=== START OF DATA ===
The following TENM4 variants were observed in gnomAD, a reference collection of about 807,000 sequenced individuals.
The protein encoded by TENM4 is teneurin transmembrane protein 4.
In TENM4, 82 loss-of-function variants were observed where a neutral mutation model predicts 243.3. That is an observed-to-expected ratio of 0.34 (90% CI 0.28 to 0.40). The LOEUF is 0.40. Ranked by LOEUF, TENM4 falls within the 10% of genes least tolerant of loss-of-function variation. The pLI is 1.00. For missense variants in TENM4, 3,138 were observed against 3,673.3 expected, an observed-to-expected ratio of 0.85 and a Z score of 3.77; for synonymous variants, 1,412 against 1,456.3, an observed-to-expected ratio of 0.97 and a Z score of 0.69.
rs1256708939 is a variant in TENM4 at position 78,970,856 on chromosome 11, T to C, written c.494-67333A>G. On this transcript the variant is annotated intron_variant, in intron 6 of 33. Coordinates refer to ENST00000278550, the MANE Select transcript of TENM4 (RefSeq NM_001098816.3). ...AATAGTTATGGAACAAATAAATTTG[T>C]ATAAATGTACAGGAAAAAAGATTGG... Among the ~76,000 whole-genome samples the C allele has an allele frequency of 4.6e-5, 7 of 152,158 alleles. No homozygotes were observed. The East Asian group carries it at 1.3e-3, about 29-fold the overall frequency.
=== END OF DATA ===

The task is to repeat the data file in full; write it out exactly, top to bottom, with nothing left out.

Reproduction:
The following TENM4 variants were observed in gnomAD, a reference collection of about 807,000 sequenced individuals.
The protein encoded by TENM4 is teneurin transmembrane protein 4.
In TENM4, 82 loss-of-function variants were observed where a neutral mutation model predicts 243.3. That is an observed-to-expected ratio of 0.34 (90% CI 0.28 to 0.40). The LOEUF is 0.40. Ranked by LOEUF, TENM4 falls within the 10% of genes least tolerant of loss-of-function variation. The pLI is 1.00. For missense variants in TENM4, 3,138 were observed against 3,673.3 expected, an observed-to-expected ratio of 0.85 and a Z score of 3.77; for synonymous variants, 1,412 against 1,456.3, an observed-to-expected ratio of 0.97 and a Z score of 0.69.
rs1256708939 is a variant in TENM4 at position 78,970,856 on chromosome 11, T to C, written c.494-67333A>G. On this transcript the variant is annotated intron_variant, in intron 6 of 33. Coordinates refer to ENST00000278550, the MANE Select transcript of TENM4 (RefSeq NM_001098816.3). ...AATAGTTATGGAACAAATAAATTTG[T>C]ATAAATGTACAGGAAAAAAGATTGG... Among the ~76,000 whole-genome samples the C allele has an allele frequency of 4.6e-5, 7 of 152,158 alleles. No homozygotes were observed. The East Asian group carries it at 1.3e-3, about 29-fold the overall frequency.